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I am wondering whether there exists a fast algorithm for the following problem.

Given a digraph $G$ possibly with loops (that is edges that begin and end at the same vertex) and the choice of an edge $e \in G$, what is the largest (in terms of number of vertices) subgraph of $G$ that contains $e$ and admits a vertex disjoint cycle cover.

ps: sorry for the crosspost, but I originally posted at at stackoverflow and was directed here for a possibly more appropriate crowd...

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  • $\begingroup$ ...where "disjoint" means "vertex-disjoint", i.e. no vertex appears more than once in the cycle? $\endgroup$ – user13407 Jan 22 '13 at 8:36
  • $\begingroup$ Yes, vertex disjoint cycle cover of $G' \subset G$ refers to a set of cycles such that each vertex of $G'$ appears in exactly one cycle. For example, if $G-G'$ contains a cycle, then $G'$ cannot be optimal (in the sense of the original question), since adding this cycle to $G'$ would yield a larger graph satisfying the conditions. $\endgroup$ – Robert Jan 22 '13 at 18:03
  • $\begingroup$ Is there any restriction in the number of cycles in the cover? $\endgroup$ – Marzio De Biasi Jan 22 '13 at 18:49
  • $\begingroup$ No, no restrictions on the number of cycles in the cover. $\endgroup$ – Robert Jan 22 '13 at 19:56
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Deterministically, you can do it as follows: Give your edge $e$ the weight $n+1$ and add a self-loop of weight zero to each node that does not have one so far. Existing edges get weight one. By removing the weight zero loops, a maximum weight cycle cover in the new graphs induces a partial cycle cover in the old graph that (1) contains your edge $e$ and (2) has a maximum number of edges. The vertices of the partial cycle cover induce the graph you are looking for. If the cycle cover in the new graph does not contain $e$ at all, then there is no such subgraph.

You can compute a maximum weight cycle cover by reducing it to maximum weight perfect matching.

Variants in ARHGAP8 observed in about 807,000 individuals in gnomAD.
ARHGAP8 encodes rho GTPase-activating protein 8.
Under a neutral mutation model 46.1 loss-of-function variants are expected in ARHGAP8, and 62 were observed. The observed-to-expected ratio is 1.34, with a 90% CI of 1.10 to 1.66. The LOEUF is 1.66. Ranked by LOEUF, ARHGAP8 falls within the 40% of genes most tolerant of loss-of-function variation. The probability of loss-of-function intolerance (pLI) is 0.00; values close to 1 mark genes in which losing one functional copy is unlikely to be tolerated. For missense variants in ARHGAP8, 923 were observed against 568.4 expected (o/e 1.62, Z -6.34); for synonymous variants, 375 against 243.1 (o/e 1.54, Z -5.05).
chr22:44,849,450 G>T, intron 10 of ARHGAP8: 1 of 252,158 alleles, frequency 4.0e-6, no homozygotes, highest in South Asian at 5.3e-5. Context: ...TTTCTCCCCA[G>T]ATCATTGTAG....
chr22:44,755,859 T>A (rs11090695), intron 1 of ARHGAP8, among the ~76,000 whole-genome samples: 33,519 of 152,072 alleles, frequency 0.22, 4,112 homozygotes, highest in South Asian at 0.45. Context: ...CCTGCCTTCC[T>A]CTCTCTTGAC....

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  • $\begingroup$ Thanks. This seems correct to me at first reading; I did not think of playing with weights assigned to the edges to force the conditions. To clarify, $n$ above corresponds to the number of edges in the graph. $\endgroup$ – Robert Jan 23 '13 at 17:12
  • $\begingroup$ No, $n$ is the number of vertices. By giving an edge $e$ weight $n+1$, it is ensured that this edge will be selected if possible. Every other cycle cover has weight at most $n$. (But choosing $n$ to be the number of edges will work, too.) $\endgroup$ – Markus Bläser Jan 23 '13 at 21:42
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There is at least a randomized $O(n^4)$ time algorithm. To make sure the specified arc $uv$ is part of the cycle cover, contract the arc into one vertex $w$ retaining $u$'s ingoing arcs and $v$'s outgoing arcs. Take the adjacency matrix $A$ of the resulting graph, replace each arc (i.e. $1$) with a random number, introduce an indeterminate $r$ and compute $p(r)=\operatorname{det}(J*r+A)$, where $J$ is the identity matrix except for the element corresponding to the vertex $w$, where it is zero. The smallest exponent $e$ such that the monomial $r^e$ has a non-zero coefficient in $p(r)$ is "proof" of the fact that there is an induced subgraph on $n-e$ vertices that has a cycle cover containing your arc. Conversely, if there are cycle covers on $n-e$ vertices, the coefficient of $r^e$ is most probably not zero.

Look at Edmonds matrix, and note that perfect matchings in balanced bipartite graphs is in one-to-one correspondence with cycle covers in digraphs. See also Schwartz-Zippel to see how to bound the probability of failures.

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